EGLDisplay egl_disp;                 /* the abstract display on which graphics are drawn */
    EGLConfig egl_conf;                  /* the configuration describing the color and ancillary buffers */
    EGLSurface egl_surf;                 /* your window's rendering surface */
    EGLContext egl_ctx;                  /* a handle to a rendering context */
    EGLConfig egl_conf = (EGLConfig)0;   /* the resulting EGL config */
    EGLConfig *egl_configs;              /* describes the color and ancillary buffers */
    EGLint egl_num_configs;              /* number of configs that match our attributes */
    EGLint val;                          /* an EGL integer value */
    EGLBoolean eglrc;                    /* the return value of EGL functions */
    EGLint i;                            /* variable used to loop on matching configs */
     ** You'll use the surface attributes to choose between single-buffered
     ** and double-buffered rendering. To avoid having to keep track of
     ** indexes in a one-dimensional array of attribute/value pairs, you can use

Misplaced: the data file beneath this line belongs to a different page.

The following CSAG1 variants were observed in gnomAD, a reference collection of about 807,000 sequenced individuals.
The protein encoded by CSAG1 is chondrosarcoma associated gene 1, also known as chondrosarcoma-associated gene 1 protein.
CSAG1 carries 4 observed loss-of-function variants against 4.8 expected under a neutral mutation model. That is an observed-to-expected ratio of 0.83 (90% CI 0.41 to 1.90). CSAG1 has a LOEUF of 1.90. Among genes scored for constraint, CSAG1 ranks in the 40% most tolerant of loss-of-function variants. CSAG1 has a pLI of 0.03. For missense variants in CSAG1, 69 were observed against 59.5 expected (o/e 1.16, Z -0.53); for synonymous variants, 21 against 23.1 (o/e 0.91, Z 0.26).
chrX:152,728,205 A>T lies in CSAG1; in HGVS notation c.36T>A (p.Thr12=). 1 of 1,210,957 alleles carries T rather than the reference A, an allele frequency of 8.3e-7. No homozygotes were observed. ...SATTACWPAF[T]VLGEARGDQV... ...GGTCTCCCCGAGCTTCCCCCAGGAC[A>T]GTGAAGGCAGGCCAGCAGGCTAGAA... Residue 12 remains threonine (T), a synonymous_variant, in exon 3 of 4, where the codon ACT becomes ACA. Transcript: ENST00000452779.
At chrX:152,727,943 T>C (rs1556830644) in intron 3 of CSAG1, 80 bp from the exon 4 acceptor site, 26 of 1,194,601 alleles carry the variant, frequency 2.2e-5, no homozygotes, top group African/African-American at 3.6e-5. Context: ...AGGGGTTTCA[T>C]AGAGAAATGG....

** an aggregate of named attribute/value pairs of type EGLint (an integer of 32 bits).
    struct {
    	EGLint render_buffer[2];
    	EGLint none;
    } egl_surf_attr = {
    	.render_buffer = { EGL_RENDER_BUFFER, EGL_BACK_BUFFER }, /* double-buffering */
    	.none = EGL_NONE                                         /* End of list */
     ** Here is the list of attributes that will be passed to EGL to get you
     ** a pixel format configuration. An EGL configuration is required by
     ** EGL when creating surfaces and rendering contexts. Since you will
     ** modify certain values in this list when certain command-line arguments
     ** are provided, you will organize the attributes as an aggregate of named
     ** key/value pairs of EGL integers (EGLint). This way you
     ** won't have to track the index locations various attributes in a one-dimensional
     ** array.
    struct {
    	EGLint surface_type;
    	EGLint red_size;
    	EGLint green_size;
    	EGLint blue_size;
    	EGLint alpha_size;
    	EGLint samples;
    	EGLint config_id;
    } egl_conf_attr = {
    	.surface_type = EGL_WINDOW_BIT,   /* Ask for displayable and pbuffer surfaces */
    	.red_size = EGL_DONT_CARE,        /* Minimum number of red bits per pixel */
    	.green_size = EGL_DONT_CARE,      /* Minimum number of green bits per pixel */
    	.blue_size = EGL_DONT_CARE,       /* Minimum number of blue bits per pixel */